Rheumatic Heart Disease Risk Genetically Linked to African Patients


Investigators study loci and the hereditary nature of the disease, which was categorized as a global health priority by the WHO 3 years ago.

Tafadzwa Machipisa, MPhil

Tafadzwa Machipisa, MPhil

A breakthrough study from South Africa linked specific genetic features in Black African individuals to an increased susceptibility to rheumatic heart disease (RHD), with an estimated Polygenic heritability of 0.49.

The findings come 3 years after the World Health Organization (WHO) categorized RHD as a global health priority. The disease is associated with nearly 10.5 billion disability-adjusted-life-years and linked to 300,000 premature deaths.

Despite global advancements in combatting the disease, some low- and middle-income countries have continued to grapple with rheumatic heart disease. Sub-Saharan Africa, home to 17% of the world’s total population, recorded 23% of all global cases of RHD as recently as 2017.

Additionally, rheumatic heart disease remains the most prevalent form of cardiovascular disease in Black African women and children, with prevalence most frequently occurring between ages 24 and 45.

While not always the case, the disease had been linked to rheumatic fever. Nearly 60% of cases of rheumatic fever eventually progress to RHD.

The research team, lead by Tafadzwa Machipisa, MPhil, gained a better understanding of the hereditary nature of rheumatic disease by studying a variety of Black African individuals. Though small in size, the study included participants from 8 countries including Kenya, Mozambique, Namibia, Nigeria, South Africa, Sudan, Uganda, and Zambia.

The study consisted of 4809 participants (2546 cases plus 2261 controls), all of whom participated in genome-wide association studies (GWAS). Prior GWAS recorded RHD susceptibility in 4 different populations and acted as an inspiration for the team’s study.

The GWAS conducted for the study were used to measure risk scores in Black African participants and determine specific loci.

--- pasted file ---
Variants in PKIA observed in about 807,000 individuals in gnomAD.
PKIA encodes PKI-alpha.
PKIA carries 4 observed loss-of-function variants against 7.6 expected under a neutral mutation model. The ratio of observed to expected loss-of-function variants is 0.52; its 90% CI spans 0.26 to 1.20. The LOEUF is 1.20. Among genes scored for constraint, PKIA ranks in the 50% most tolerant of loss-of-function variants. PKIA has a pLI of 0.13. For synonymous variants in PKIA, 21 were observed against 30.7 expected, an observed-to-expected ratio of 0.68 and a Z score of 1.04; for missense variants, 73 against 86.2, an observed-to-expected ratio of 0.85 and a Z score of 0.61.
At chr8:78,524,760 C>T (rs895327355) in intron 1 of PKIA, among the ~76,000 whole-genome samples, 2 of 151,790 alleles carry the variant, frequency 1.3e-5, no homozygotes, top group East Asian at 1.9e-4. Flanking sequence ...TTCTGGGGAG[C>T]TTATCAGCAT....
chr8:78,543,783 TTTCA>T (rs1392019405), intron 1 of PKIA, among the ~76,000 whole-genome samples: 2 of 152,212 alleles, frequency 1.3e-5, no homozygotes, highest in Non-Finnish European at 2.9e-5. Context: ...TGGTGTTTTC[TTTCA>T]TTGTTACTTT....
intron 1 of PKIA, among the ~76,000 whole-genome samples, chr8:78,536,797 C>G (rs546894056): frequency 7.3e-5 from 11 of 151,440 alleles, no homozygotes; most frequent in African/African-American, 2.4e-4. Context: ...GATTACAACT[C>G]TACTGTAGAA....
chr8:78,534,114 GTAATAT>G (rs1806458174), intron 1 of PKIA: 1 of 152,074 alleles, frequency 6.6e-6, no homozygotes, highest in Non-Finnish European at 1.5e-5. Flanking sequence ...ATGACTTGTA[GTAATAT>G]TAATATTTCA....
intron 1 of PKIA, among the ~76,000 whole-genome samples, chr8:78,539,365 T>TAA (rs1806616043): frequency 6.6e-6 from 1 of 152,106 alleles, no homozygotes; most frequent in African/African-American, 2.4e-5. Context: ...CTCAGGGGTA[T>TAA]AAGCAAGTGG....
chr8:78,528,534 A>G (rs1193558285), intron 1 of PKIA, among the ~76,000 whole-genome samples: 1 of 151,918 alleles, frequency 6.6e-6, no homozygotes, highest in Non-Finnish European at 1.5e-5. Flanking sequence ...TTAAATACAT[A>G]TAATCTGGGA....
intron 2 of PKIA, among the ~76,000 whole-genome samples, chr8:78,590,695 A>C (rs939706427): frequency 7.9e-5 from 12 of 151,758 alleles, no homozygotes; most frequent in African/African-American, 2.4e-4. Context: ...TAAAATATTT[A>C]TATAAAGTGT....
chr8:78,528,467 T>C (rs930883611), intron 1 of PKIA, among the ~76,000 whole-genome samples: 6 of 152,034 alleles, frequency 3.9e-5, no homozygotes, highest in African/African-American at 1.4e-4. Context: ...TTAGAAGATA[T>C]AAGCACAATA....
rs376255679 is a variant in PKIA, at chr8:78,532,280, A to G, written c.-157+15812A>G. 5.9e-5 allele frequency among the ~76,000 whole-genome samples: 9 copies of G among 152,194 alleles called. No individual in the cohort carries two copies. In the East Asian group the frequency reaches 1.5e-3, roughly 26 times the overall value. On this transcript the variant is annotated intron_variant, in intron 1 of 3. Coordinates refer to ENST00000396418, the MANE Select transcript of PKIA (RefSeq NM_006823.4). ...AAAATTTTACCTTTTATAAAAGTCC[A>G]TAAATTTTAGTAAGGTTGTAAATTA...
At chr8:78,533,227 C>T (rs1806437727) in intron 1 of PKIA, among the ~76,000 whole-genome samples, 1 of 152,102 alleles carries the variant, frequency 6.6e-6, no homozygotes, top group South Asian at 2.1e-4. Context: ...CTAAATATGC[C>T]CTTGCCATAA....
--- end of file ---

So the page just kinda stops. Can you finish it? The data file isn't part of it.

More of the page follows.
“Understanding genetic susceptibility will help devise better prevention, control, and interventions,” the team wrote.

Additionally, the team extracted DNA from participants at the genetics laboratory at the Hatter for Cardiovascular Research in Africa and the Cape Heart Institute of the University of Cape Town, to be genotyped.

Despite limitations such as a small size and the lack of cohort studies on the subject, the investigators provided loci and new pathways towards determining RHD susceptibility.

“To our knowledge, we provided the first chip-based heritability estimates for RHD in African samples,” the team wrote. “Our estimates of 0.35 in admixed African individuals and 0.49 in Black African individuals support an important association of host genetics with RHD susceptibility.”

The novel candidacy susceptibility locus found in the study was specific to Black African individuals. The team replicated 75 previous loci during the study, but no significant advancements were made in locating additional genetic associations. In some cases certain loci could not be replicated.

The investigators recommended further study and replication of GWAS, specifically on Black African individuals. Despite limitations, the study provided a path forward in further determining risk in specific groups and combatting rheumatic heart disease in low-to-middle income countries.

“Our results also support a high heritability for RHD in African individuals, providing a basis for the familial aggregation of RHD cases beyond a shared environment,” investigators concluded. “As with other polygenic traits, large sample sizes will be necessary to uncover the numerous variants with smaller effect sizes underlying RHD risk.”

The study, “Association of Novel Locus With Rheumatic Heart Disease in Black African Individuals” was published online in JAMA Cardiology.

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